I mentioned buried contacts, or more correctly buried poly contacts.  These are contacts between polysilicon and substrate, used extensively on this part. In a CMOS process you would not find them.  Here is an example of two such contacts on the die

Some commentary about the process quality you can  observe. In 1978 the metal lines would have been wet etched (Likely in a buffered phosphoric acid mixture). Given that the etch quality of the Aluminum tracks appears very good to meYou can see a tiny amount of notching sometimes where the metal line crosses a poly line, and there is slight mis-alignment of metal to contacts, and the metal lines look a little small for the size of the contacts.  But overall though this looks like a good quality process for 1978.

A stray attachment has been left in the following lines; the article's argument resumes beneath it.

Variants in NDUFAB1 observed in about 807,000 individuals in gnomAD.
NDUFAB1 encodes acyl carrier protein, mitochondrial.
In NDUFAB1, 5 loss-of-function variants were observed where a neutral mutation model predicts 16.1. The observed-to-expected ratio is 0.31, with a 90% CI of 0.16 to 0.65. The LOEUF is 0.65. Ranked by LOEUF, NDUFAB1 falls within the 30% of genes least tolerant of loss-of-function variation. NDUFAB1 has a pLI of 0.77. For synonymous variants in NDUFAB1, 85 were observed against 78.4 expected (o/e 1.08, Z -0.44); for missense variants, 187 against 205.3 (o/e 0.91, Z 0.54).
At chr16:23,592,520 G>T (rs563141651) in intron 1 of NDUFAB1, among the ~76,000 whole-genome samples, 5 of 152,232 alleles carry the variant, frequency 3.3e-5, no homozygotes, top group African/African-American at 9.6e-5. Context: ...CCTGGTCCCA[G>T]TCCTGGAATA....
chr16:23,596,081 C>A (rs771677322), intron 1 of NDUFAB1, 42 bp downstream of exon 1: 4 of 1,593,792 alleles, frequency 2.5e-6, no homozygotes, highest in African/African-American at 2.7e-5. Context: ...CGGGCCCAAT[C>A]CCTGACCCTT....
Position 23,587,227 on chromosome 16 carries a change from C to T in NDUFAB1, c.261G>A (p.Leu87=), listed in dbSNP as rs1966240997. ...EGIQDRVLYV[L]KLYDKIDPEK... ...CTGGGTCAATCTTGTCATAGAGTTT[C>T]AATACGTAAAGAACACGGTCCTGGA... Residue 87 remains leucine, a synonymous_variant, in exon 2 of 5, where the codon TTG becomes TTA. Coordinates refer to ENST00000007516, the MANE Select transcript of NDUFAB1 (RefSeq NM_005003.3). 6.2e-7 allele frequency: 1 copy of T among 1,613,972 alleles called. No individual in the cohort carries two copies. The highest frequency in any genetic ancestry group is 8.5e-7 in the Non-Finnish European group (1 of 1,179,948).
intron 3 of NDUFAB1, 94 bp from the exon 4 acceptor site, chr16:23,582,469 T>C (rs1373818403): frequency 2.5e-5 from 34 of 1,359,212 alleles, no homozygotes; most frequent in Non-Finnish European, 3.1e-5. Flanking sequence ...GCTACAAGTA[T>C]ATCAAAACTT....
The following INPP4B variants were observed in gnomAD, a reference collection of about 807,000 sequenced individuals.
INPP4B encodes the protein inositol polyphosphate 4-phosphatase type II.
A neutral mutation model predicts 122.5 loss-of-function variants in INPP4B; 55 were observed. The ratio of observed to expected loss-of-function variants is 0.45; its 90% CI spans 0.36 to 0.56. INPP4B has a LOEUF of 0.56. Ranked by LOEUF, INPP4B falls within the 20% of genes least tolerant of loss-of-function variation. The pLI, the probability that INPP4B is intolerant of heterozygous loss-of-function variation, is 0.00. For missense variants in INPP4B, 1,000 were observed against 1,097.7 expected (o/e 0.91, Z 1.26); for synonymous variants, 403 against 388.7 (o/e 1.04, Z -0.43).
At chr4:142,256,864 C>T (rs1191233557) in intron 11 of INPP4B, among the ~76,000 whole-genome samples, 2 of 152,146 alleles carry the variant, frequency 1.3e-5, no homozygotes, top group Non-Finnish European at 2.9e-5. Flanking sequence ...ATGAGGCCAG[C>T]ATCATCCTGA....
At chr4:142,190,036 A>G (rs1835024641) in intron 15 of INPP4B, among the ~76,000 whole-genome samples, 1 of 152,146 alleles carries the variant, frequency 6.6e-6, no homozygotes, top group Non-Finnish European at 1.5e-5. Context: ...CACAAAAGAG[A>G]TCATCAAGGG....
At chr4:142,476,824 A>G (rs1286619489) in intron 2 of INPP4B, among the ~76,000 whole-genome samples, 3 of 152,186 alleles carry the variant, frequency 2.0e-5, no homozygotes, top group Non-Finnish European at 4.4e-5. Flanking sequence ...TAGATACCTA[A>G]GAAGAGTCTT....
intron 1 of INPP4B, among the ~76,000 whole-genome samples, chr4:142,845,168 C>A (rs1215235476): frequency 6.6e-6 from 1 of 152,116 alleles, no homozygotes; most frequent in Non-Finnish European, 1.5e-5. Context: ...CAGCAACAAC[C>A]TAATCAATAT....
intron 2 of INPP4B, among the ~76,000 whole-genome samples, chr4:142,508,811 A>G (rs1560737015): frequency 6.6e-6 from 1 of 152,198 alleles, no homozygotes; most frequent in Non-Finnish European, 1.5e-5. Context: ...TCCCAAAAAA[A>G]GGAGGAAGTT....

Finally many thanks again to Jeremy for supplying the part, and merry christmas to all of you who celebrate it.

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HCF4007U Dual Complementary Pair plus Inverter

Integrated circuits do not get any simpler than this.  This is an HCF4007 made by ST with a week 27 1993 date code

ST HCF4007UAccording to the datasheet it can be, depending on the pin connections, either 3 inverters, a 3 input NOR or a 3 input NAND gate.

De-capping and you can see it is just 6 transistors! on a 1.47 mm x 1.35 mm die.ST HCF4007U die photo

(click on image for high resolution version)

It is barely an integrated circuit.  Even with my lack of skills I can reverse engineer this part

 

And the pin-out

 

 

 

 

There is one mystery to me.  The part is definitely CMOS as the datasheet specifies it, so  they must be polysilicon gate MOSFETs.  Yet if you look at this high magnification image of a transistor edge, I cannot see the polysilicon??

Thanks to Jeremy for providing the part.

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Arduino CAN Bus Module